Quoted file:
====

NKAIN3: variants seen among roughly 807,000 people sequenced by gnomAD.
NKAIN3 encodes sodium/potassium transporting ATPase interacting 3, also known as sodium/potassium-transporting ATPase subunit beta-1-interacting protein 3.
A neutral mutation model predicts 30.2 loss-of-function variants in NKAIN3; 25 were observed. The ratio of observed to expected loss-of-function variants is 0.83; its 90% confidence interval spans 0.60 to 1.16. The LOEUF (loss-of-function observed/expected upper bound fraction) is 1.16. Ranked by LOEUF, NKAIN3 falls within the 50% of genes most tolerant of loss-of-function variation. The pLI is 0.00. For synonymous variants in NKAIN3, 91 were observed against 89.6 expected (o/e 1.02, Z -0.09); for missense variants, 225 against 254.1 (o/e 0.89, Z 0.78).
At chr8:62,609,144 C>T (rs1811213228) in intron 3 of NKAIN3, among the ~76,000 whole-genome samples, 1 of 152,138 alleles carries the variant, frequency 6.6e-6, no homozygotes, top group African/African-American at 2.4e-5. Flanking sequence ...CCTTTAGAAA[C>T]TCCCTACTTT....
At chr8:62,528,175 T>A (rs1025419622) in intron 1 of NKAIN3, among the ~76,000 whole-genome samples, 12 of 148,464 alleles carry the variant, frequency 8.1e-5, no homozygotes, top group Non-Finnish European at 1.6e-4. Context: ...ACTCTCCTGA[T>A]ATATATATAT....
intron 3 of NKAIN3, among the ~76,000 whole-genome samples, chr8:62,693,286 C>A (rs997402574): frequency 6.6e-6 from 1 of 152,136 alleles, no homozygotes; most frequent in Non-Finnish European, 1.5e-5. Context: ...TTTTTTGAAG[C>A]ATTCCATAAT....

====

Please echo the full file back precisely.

NKAIN3: variants seen among roughly 807,000 people sequenced by gnomAD.
NKAIN3 encodes sodium/potassium transporting ATPase interacting 3, also known as sodium/potassium-transporting ATPase subunit beta-1-interacting protein 3.
A neutral mutation model predicts 30.2 loss-of-function variants in NKAIN3; 25 were observed. The ratio of observed to expected loss-of-function variants is 0.83; its 90% confidence interval spans 0.60 to 1.16. The LOEUF (loss-of-function observed/expected upper bound fraction) is 1.16. Ranked by LOEUF, NKAIN3 falls within the 50% of genes most tolerant of loss-of-function variation. The pLI is 0.00. For synonymous variants in NKAIN3, 91 were observed against 89.6 expected (o/e 1.02, Z -0.09); for missense variants, 225 against 254.1 (o/e 0.89, Z 0.78).
At chr8:62,609,144 C>T (rs1811213228) in intron 3 of NKAIN3, among the ~76,000 whole-genome samples, 1 of 152,138 alleles carries the variant, frequency 6.6e-6, no homozygotes, top group African/African-American at 2.4e-5. Flanking sequence ...CCTTTAGAAA[C>T]TCCCTACTTT....
At chr8:62,528,175 T>A (rs1025419622) in intron 1 of NKAIN3, among the ~76,000 whole-genome samples, 12 of 148,464 alleles carry the variant, frequency 8.1e-5, no homozygotes, top group Non-Finnish European at 1.6e-4. Context: ...ACTCTCCTGA[T>A]ATATATATAT....
intron 3 of NKAIN3, among the ~76,000 whole-genome samples, chr8:62,693,286 C>A (rs997402574): frequency 6.6e-6 from 1 of 152,136 alleles, no homozygotes; most frequent in Non-Finnish European, 1.5e-5. Context: ...TTTTTTGAAG[C>A]ATTCCATAAT....